Since leaving Massachusetts on April 11th, I’ve soaked in some spectacular scenery. The natural creation of Grand Canyon, Glen Canyon, Bryce Canyon. The manmade equivalent in the form of Vegas and Hollywood Boulevard at night. Scores of scenes of quieter beauty, from dawn on the Texas Gulf Coast to twilight in Santa Barbara.
And so on.
And so on.
Almost enough to say, OK, enough with the whole panoramic vista thing.
So last week when my friends Ted and Chella proposed we run a two-car tag team up the curves and dips of California Highway 1, from San Luis Obispo to the Monterey Peninsula, I started building in escape clauses. I’d give Chella a ride as far north as Pismo Beach, and then, well, we’d see.
But who can resist the Elephant Seal beach – where one can see hundreds of elephant seals, which can get up to two tons, lying side by side next to the surf – or Ragged Point, a high cliff jutting sharply out into the Pacific. Or the way visibility can change from metallic blues and bright green in bright sun to the waves gone dark in a sudden incoming fog. At points you’re level with a thin layer of cloud, splitting the ocean from the sky. Redwoods, pine, and spruce abound. This is scenery you can gladly give your heart to – and the kind of twisty-turny cliff-side driving that you sure as hell better give your mind to.
All of which should pretty much be enough to make you forget about your day job, or your research project, or almost any human endeavor. Yet even on our Wednesday drive up this profoundly moving coast, on a day when I had no ambitions other than absorbing natural beauty, the theme of service has a way of poking its head up like a sea lion eying a rock to climb onto.
Near the elephant seals, amid a sudden fog, a woman talked loudly over a blasting wind, fielding questions. The seal on her jacket identified Charmaine Coimbra as one of the Friends of the Elephant Seals.
How good a friend? Well, when she retired and started casting about for the perfect volunteer gig, she soon thought of the seals. “I’m a California girl,” she told me loudly over the wind, “and I love the sea.”
Even though I’ve visited this stretch before, Charmaine’s expertise gives me a new appreciation for what’s happening in front of me – which, as far as I can tell, is mostly nothing. Sure, they flap about a bit, and two young bulls rise up and play-fight, emitting a few deep howls in the process. Mostly they just lie there. But their stillness gives you the chance to observe the various stages of molting, the loss of the brown furry outer layer for the smooth silver-grey skin beneath. This is what they swim down from Alaska to do for a month every summer.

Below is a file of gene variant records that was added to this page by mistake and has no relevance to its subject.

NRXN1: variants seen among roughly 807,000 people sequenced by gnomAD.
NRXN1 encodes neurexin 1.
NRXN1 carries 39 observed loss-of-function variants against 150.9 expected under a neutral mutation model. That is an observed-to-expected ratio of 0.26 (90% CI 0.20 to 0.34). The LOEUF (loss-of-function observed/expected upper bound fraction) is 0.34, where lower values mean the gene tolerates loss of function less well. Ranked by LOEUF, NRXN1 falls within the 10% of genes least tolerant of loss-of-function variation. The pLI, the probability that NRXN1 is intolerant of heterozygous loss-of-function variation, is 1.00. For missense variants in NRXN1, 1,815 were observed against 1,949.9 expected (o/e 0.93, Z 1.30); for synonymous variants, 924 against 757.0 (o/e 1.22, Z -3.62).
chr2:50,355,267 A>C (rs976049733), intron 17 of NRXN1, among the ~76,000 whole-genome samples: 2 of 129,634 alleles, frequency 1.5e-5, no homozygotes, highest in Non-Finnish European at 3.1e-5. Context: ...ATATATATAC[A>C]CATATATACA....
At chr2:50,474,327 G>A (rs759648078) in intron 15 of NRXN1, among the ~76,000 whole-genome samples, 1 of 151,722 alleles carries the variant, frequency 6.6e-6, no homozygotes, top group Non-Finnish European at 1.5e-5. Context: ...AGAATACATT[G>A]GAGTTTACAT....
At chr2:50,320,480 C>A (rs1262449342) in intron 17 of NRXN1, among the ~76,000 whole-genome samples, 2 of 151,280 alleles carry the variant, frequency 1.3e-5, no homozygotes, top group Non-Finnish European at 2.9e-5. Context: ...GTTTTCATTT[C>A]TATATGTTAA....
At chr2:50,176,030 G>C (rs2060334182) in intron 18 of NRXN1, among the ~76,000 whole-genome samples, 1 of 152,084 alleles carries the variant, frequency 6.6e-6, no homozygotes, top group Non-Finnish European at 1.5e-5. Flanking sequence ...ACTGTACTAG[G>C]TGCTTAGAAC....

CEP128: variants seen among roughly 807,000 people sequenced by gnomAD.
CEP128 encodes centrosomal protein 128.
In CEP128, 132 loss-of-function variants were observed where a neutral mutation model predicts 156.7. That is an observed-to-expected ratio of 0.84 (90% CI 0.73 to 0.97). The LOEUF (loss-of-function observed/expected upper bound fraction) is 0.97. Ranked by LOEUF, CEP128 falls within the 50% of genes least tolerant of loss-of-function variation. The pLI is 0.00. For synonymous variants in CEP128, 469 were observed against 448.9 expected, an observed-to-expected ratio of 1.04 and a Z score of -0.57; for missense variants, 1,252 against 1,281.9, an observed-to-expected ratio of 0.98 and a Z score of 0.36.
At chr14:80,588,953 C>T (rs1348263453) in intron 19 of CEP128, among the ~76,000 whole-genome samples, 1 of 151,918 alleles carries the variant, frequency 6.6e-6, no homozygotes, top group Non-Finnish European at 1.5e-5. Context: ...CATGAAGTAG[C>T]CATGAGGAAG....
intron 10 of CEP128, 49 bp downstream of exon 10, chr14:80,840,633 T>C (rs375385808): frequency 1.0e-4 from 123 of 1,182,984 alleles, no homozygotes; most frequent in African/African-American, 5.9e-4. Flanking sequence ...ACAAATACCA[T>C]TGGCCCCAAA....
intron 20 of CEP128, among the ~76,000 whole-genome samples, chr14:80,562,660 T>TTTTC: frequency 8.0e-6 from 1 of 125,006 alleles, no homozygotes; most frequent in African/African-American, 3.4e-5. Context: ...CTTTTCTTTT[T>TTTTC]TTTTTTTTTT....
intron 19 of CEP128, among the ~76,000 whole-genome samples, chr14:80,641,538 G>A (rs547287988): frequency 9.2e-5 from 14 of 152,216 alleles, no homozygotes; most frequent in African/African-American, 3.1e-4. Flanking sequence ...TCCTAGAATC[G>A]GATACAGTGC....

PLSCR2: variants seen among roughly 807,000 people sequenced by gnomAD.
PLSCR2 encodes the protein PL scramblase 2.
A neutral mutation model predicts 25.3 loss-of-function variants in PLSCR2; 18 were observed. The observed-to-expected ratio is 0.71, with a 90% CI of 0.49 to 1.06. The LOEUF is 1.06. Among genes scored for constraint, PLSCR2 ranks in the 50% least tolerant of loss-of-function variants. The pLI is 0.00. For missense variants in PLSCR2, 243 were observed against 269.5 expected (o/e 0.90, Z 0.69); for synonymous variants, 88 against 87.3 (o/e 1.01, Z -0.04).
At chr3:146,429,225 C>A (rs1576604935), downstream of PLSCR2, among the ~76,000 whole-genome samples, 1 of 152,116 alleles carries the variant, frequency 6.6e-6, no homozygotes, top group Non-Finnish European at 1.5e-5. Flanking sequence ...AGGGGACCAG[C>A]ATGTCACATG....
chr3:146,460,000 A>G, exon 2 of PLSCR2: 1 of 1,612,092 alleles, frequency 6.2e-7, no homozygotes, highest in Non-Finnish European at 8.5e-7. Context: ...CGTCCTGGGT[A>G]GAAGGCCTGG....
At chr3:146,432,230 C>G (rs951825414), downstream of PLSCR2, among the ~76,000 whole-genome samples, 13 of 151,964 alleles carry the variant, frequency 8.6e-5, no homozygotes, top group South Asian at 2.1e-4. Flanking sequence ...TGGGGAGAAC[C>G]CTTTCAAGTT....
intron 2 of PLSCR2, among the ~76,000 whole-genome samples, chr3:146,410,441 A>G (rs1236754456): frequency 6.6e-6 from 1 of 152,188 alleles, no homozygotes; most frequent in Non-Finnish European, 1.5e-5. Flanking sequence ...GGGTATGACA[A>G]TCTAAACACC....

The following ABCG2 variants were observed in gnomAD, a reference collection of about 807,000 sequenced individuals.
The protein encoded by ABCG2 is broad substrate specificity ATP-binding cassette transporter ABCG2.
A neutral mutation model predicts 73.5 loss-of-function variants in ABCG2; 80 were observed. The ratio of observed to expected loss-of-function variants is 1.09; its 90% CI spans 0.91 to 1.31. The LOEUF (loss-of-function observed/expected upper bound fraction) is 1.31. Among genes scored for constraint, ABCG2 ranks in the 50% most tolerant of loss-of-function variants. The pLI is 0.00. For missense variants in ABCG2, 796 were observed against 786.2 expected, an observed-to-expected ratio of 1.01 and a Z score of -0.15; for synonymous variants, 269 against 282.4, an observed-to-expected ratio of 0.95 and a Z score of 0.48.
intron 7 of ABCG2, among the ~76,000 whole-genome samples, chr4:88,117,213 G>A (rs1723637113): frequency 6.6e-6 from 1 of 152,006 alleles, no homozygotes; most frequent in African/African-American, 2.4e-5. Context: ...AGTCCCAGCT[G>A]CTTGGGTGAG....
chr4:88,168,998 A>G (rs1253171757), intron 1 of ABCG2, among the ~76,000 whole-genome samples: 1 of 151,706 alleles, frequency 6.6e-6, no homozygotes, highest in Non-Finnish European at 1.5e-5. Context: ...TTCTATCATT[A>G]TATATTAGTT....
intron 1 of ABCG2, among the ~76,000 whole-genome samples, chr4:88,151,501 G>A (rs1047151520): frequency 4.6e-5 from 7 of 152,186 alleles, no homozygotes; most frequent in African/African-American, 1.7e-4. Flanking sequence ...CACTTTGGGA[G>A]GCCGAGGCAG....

There’s also something else going on. During their long swim, they lose bone density; the prolonged time on land, even just lying and moving sporadically, gives them the chance to rebuild their skeletal support. Paradoxically, this healthy instinct comes at the expense of exercise – so they also fast. They thus adjust diet for their exercise level – which is one way that a two-ton elephant seal has healthier habits than this (weight fortunately not available at press time) human.
Charmaine didn’t wait until retirement to start volunteering – her career in community service began at age 3, when she accompanied her father in dancing to “Me and My Shadow” at a Grange fundraiser. She’s been involved in various forms of volunteer work in the decades since.
But in literal terms, no cause is bigger than the elephant seals stretching out on the beach behind her. When I line her up for a picture, and she jokes about not exactly looking her best, a woman behind her interjects. “Hey, don’t worry – we all look beautiful compared to these guys!”
Charmaine isn’t offended. When I asked if she had a favorite elephant seal, Charmaine laughed. “To tell you the truth, they all look alike to me!”
Further up the road, past Ragged Point and other locales, I catch up with Ted and Chella once again – at the Henry Miller Library, a wonderfully quirky roadside tribute to the famous bohemian fiction writer. I enter a courtyard couched under towering redwoods and other trees, wind myself past modern folk art sculptures, some seeming to celebrate fertility and eroticism, others suggesting crucifixion and the evil of television. The A-frame library is marked by Henry Miller books hanging open from the ceiling, sunlight shining through from above.
Out back, I find a deck and plush couches. On one of them sits my friends – on the other a young woman with blonde-and-pink hair, curled up. The book she’s reading isn’t by Henry Miller – it’s a Harold Robbins instead. But Anna Leah is an English major back east in Boston, and when she was looking for a way to volunteer in the Big Sur area, site of many family vacations, it was hard to resist the library. She gets to pitch her tent behind a wood fence not far from the couch, and uses a solar shower. She cleans before and after each business day, as well as working in the shop.
It’s less demanding than her first volunteer gig of this summer – setting up and taking down stages during a music festival. She was drawn to that one not just for the music, but for the pleasure of trying “manual labor”, learning construction skills and discovering that one doesn’t have to be burly and male to be good at the job. She becomes increasingly animated as she talked about how each volunteer gig helps her try new things and expand her skill set. But now she’s found a job perfect for an English major – working and reading in the shade of the redwoods, plenty of culture and counterculture to inspire her – as if Big Sur wasn’t enough on its own. She smiled. “It’s a sweet deal.”